Authority of the Consuls looks like a weird sideboard rare. It’s actually a lot better than that. Any slow deck should be happy to play Authority. It’s a great early spell that offsets its “do nothing” status by gaining life as your opponent develops their board. For the entire game, it shuts down haste creatures and makes vehicles more difficult to crew. Authority is the best possible complement to Fumigate, if you are lucky enough to get both white rares, but it’s fine in any white deck looking to grind late game advantage. I suggest taking it early in drafts if you are going control, and still looking to grab it for your sideboard above marginal playables even in aggressive decks. It can help swing a race and punish vehicle-heavy decks.


Long-Finned Skywhale gets dumped on by everyone. I’ve heard it called unplayable. Seriously? Obviously it’s an aggressive card, but it plays well in slower decks too. If it could block ground creatures, everyone would love the card. It would be too good. But here’s thing: you don’t want to block with it anyway. I can help hold off small fliers if necessary, but the whale’s role is to end the game quickly. It’s an evasive finisher. Most of the fliers in the format cost more mana than they provide power. The few that give equal power for mana, like Long-Finned Skywhale and Foundry Screecher, are strong cards. I’m happy to play a whale in any blue deck as a finisher that can close a game in a few turns. Kaladesh is a powerful and swingy format with tons of ground creatures. A big cheap flier wins games. Play it.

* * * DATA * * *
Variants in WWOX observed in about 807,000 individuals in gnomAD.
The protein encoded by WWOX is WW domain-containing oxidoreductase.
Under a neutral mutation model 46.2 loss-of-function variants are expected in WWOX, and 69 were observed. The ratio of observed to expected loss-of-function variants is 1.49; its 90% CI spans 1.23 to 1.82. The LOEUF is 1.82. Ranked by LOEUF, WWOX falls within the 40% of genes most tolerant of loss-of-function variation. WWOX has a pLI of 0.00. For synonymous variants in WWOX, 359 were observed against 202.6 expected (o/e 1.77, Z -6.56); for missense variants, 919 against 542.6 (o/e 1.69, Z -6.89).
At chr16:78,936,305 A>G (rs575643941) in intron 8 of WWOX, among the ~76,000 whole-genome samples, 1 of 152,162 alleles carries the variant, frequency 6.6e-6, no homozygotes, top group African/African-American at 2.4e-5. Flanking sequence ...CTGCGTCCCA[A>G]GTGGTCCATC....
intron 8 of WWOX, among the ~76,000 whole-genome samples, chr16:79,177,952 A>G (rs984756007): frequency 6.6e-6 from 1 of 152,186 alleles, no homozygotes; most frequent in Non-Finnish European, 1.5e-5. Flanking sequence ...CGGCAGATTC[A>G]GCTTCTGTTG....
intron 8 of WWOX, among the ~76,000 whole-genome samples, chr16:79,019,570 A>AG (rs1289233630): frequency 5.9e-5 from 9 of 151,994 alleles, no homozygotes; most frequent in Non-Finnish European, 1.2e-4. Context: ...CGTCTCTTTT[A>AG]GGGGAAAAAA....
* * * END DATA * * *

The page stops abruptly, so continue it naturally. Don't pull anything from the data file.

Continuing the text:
Attune with Aether is the best green common. There are a ton of great common green creatures, but they are fairly interchangeable. Is Thriving Rhino better than Peema Outrider? It depends on the balance of your curve. Attune with Aether is a unique effect: a cheap “cantrip” that makes sure you hit lands drops, can fix your mana, and provides two energy. Green decks want energy and mana fixing, and this is the best card for those decks.

In addition, Kaladesh is a swingy format that demands you hit the right number of land drops. Too few lands, or too many, and you can’t compete with most decks with a solid draw. If you have multiple Attunes, you can go down to fifteen or sixteen lands and still hit your early lands drops. No other card helps mitigate the swingy mana needs of Kaladesh the way Attune with Aether does, so cheaply and with two energy on top. I desperately want multiple Attunes in all my green decks. Take them when you get the chance.

And with that, I’m off for the year. I’ll be traveling next week and running an old favorite. Enjoy your end-of-year holidays. I’ll see you in 2017. Let’s hope it exceeds our low expectations.

Carrie O’Hara is Editor-in-Chief of Hipsters of the Coast.

Don't Miss Out!

Sign up for the Hipsters Newsletter for weekly updates.